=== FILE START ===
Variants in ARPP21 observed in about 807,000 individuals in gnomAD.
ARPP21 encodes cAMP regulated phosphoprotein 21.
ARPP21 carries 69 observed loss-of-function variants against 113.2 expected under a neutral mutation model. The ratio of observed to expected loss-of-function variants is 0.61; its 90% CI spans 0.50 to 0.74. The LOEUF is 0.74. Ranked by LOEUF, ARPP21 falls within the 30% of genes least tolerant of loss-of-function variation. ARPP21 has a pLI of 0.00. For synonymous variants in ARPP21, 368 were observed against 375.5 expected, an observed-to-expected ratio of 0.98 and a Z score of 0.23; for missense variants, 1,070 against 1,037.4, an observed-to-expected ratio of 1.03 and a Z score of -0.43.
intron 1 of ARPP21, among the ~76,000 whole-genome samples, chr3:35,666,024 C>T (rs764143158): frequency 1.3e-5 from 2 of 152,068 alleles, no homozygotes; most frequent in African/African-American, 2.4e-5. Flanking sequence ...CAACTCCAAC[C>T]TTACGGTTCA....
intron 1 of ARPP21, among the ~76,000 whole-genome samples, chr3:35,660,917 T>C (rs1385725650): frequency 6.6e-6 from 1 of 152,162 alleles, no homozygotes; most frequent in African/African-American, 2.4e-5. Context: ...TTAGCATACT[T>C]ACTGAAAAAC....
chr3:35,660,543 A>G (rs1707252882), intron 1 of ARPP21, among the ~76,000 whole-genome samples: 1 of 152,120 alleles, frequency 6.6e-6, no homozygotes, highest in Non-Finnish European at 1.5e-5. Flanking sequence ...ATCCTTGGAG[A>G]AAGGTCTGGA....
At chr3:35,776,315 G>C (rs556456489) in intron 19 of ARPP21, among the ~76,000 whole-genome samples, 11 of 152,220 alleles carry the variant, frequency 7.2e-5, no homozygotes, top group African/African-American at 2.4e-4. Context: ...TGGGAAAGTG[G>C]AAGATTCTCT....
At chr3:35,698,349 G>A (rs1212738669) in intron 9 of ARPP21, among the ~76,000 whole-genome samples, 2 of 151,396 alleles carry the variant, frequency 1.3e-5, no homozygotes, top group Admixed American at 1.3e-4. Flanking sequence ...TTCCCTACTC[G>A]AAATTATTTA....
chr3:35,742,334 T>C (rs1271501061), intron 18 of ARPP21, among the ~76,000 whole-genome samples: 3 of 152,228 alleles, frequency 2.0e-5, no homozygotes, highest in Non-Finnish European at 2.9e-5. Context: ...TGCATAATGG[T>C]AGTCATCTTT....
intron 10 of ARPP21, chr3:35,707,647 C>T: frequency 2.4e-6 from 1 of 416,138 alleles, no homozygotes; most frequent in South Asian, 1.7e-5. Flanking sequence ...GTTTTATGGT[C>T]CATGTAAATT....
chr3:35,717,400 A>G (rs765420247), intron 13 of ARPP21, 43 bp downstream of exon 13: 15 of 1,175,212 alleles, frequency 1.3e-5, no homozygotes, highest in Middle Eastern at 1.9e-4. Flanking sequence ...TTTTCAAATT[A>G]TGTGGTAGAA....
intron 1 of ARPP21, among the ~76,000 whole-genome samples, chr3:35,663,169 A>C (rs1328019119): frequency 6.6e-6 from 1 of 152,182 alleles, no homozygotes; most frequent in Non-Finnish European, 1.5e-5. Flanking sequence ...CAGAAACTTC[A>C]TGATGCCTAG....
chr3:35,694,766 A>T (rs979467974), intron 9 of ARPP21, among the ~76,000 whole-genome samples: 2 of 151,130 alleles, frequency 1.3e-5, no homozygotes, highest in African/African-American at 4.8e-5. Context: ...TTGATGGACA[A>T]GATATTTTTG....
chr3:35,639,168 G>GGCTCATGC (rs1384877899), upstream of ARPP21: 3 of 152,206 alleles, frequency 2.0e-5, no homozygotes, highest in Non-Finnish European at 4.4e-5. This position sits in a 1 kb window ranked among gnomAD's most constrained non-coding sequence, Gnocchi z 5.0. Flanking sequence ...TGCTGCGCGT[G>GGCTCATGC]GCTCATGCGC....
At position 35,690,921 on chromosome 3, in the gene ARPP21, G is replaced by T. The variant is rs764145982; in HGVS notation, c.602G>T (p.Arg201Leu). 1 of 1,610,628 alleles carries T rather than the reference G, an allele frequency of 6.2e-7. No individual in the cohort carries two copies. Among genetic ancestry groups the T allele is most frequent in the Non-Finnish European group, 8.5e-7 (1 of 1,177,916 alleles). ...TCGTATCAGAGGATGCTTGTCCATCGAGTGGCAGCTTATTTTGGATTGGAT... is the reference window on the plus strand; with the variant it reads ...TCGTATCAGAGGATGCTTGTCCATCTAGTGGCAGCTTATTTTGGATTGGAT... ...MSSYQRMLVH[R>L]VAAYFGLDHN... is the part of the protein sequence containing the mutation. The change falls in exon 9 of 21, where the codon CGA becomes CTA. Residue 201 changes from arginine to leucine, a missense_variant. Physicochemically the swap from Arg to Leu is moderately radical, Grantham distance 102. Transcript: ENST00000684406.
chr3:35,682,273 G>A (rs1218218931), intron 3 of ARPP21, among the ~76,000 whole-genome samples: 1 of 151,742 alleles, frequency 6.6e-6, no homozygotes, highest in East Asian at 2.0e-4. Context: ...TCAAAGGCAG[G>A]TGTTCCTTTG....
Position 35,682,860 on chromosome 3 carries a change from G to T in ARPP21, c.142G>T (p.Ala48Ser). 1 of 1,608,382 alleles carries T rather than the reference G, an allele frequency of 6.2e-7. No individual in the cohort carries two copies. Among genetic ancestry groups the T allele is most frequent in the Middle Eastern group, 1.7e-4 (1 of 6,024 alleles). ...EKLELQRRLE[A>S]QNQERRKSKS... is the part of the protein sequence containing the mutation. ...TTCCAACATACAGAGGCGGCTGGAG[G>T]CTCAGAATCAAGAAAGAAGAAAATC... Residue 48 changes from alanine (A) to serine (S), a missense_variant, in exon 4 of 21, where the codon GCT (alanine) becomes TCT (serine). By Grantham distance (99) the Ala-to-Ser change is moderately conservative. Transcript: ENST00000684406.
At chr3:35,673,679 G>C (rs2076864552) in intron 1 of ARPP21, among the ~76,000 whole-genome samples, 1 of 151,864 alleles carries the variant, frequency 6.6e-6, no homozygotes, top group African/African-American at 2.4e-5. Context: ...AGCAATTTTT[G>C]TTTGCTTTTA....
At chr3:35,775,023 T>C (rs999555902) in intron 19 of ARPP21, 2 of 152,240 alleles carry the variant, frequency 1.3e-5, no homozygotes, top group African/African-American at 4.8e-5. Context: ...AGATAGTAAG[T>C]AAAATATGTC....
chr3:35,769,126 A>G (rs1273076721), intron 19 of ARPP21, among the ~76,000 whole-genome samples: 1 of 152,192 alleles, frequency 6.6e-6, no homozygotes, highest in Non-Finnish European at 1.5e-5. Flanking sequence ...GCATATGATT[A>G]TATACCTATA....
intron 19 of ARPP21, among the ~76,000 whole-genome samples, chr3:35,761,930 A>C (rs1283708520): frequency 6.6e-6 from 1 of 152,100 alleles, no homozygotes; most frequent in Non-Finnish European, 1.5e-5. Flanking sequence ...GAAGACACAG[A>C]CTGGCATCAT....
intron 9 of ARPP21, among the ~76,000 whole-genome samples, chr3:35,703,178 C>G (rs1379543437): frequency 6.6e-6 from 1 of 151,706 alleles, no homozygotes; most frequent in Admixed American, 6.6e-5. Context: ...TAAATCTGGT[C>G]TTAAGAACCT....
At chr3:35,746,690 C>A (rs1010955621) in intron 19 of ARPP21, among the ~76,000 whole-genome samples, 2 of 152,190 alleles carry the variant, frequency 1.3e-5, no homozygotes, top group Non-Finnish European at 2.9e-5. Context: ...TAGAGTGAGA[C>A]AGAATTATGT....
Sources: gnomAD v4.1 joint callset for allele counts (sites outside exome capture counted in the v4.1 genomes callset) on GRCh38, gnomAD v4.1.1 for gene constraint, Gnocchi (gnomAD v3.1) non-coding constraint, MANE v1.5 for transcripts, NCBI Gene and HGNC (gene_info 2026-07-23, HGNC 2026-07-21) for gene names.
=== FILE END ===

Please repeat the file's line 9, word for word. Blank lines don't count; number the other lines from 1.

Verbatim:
chr3:35,742,334 T>C (rs1271501061), intron 18 of ARPP21, among the ~76,000 whole-genome samples: 3 of 152,228 alleles, frequency 2.0e-5, no homozygotes, highest in Non-Finnish European at 2.9e-5. Context: ...TGCATAATGG[T>C]AGTCATCTTT....